When this striking figure had approached within seemed hovering dimly in my memory, but my sensathirty yards, I called out in the Turkish language, tions were too indistinct and too confused to be intelcommonly used in the country : “Whoever thou art, ligible to myself. At last a vague idea shot through come no nearer on thy peril, or I shall salute thee with my brain, and thrilled like a fiery arrow in my heart; this arrow from my bow!' "Why, boy,' returned the with burning cheeks and eager eyes I looked towards stranger in a deep manly voice, and speaking in the my companion, and saw his own bent keenly upon me. same tongue, 'thou art a bold lad, truly! but set thy Knowest thou this spot, young man?' said he, after heart at rest, I mean thee no harm. Nay,' rejoined a pause : ‘if thy memory does not serve thee, cannot 1, 'I am on foot, and alone. I know thee not, nor thy thy heart tell thee what walls are these?' I gasped for intentions. Either retire at once, or shew thy sincerity breath, but could not speak. “Yes, Ismael,' continued by setting thyself on equal terms with me: dismount he, these are the ruined walls of thy father's house; from thy steed, and then I fear thee not, whatever be there passed the first days of thy childhood ; within thy designs. Beware!' And so saying, I drew my arrow that broken tower thy eyes first saw the light! But to the head, and pointed it towards him. "By the head courts are now
trewed with the unburied dust of of my father!' cried the stranger, 'thou art an absolute thy kindred, and the foxes and wolves of the desert youth! but I like thee well; thy heart is stout, and rear their young among its roofless chambers. These thy demand is just; the sheep trusts not the wolf when are the acts of that tribe to which thou hast so long it meets him in the plain, nor do we acknowledge every been in bondage—such is the debt of blood which cries stranger in the desert for a friend. See, continued he, out for thy vengeance !! dismounting actively, yet with a weight that made the I checked my horse to gaze on the scene of my infant turf ring again—see, I yield my advantage; as for years, and my companion seemed willing to indulge me. thy arrows, boy, I fear them not. With that, he slung Is it indeed trae, as some sages have taught, that man's a small shield, which he bore at his back, before him, good angel hovers over the place of his birth, and as if to cover his face, in case of treachery on my part, dwells with peculiar fondness on the innocent days of and leaving his horse where it stood, he advanced to me. his childhood ? and that in after-years of sorrow and of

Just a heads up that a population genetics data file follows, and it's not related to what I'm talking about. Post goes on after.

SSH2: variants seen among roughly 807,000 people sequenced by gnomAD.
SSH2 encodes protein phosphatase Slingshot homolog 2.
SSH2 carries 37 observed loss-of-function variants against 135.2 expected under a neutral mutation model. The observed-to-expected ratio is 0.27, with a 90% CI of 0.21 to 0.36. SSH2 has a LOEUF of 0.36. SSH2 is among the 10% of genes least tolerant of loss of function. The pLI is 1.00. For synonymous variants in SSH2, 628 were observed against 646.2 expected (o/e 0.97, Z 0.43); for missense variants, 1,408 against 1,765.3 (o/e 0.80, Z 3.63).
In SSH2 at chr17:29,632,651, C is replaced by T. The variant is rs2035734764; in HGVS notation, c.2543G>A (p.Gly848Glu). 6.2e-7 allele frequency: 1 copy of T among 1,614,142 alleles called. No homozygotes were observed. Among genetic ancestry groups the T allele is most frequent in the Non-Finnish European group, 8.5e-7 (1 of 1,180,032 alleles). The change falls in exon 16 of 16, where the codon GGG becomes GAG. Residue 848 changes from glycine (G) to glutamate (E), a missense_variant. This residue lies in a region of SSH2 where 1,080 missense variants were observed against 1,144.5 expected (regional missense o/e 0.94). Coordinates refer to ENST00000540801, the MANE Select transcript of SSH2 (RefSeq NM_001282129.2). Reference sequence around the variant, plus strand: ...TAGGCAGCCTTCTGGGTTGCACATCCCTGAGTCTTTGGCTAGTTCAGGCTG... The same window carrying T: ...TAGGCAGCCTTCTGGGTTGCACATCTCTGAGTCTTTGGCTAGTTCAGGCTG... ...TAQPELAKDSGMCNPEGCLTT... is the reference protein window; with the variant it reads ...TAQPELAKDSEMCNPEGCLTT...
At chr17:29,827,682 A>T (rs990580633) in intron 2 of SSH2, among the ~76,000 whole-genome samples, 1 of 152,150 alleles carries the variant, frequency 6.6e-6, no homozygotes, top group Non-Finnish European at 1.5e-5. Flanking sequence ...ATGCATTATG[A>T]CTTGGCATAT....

Taught from my youth to suspect and to guard crime she pours the recollection of those pure and against treachery, I still kept a wary eye on the motions peaceful days like balm over the heart, to soften and of the stranger. But there was something in his open improve it by their influence ? How could it be, without though rugged countenance and manly bearing that some agency like this, that, gazing thus unexpectedly on claimed and won my confidence. Slowly I lowered my the desolate home of my fathers, the violent passions, hand, and relaxed the still drawn string of my bow, as the bustle, and the misery of later years, vanished from he strode up to me with a firm composed step.
my mind like a dream; and the scenes and feelings 'Youth,' said he, had my intentions been hostile, 1 of my childhood came fresh as yesterday to my
remembrance? I heard the joyous clamour of my little as a mere farce in a narrative shape. The remarkbrothers and sisters; our games, our quarrels, and our able conversational talents of Theodore Hook, and reconciliations, were once more present to me; the grave his popularity as a writer for the stage, led him smile of my father, the kind but eternal gabble of my much into society. Flushed with success, full of good old nurse; and, above all, the mild sweet voice of the gaiety and impetuosity of youth, and conscious my beloved mother, as she adjusted our little disputes, of his power to please and even fascinate in company, or soothed our childish sorrows—all rushed upon my he surrendered himself up to the enjoyment of the mind, and for a while quite overpowered me: I covered passing hour, and became noted for his 'boisterous my face with my hands and wept in silence.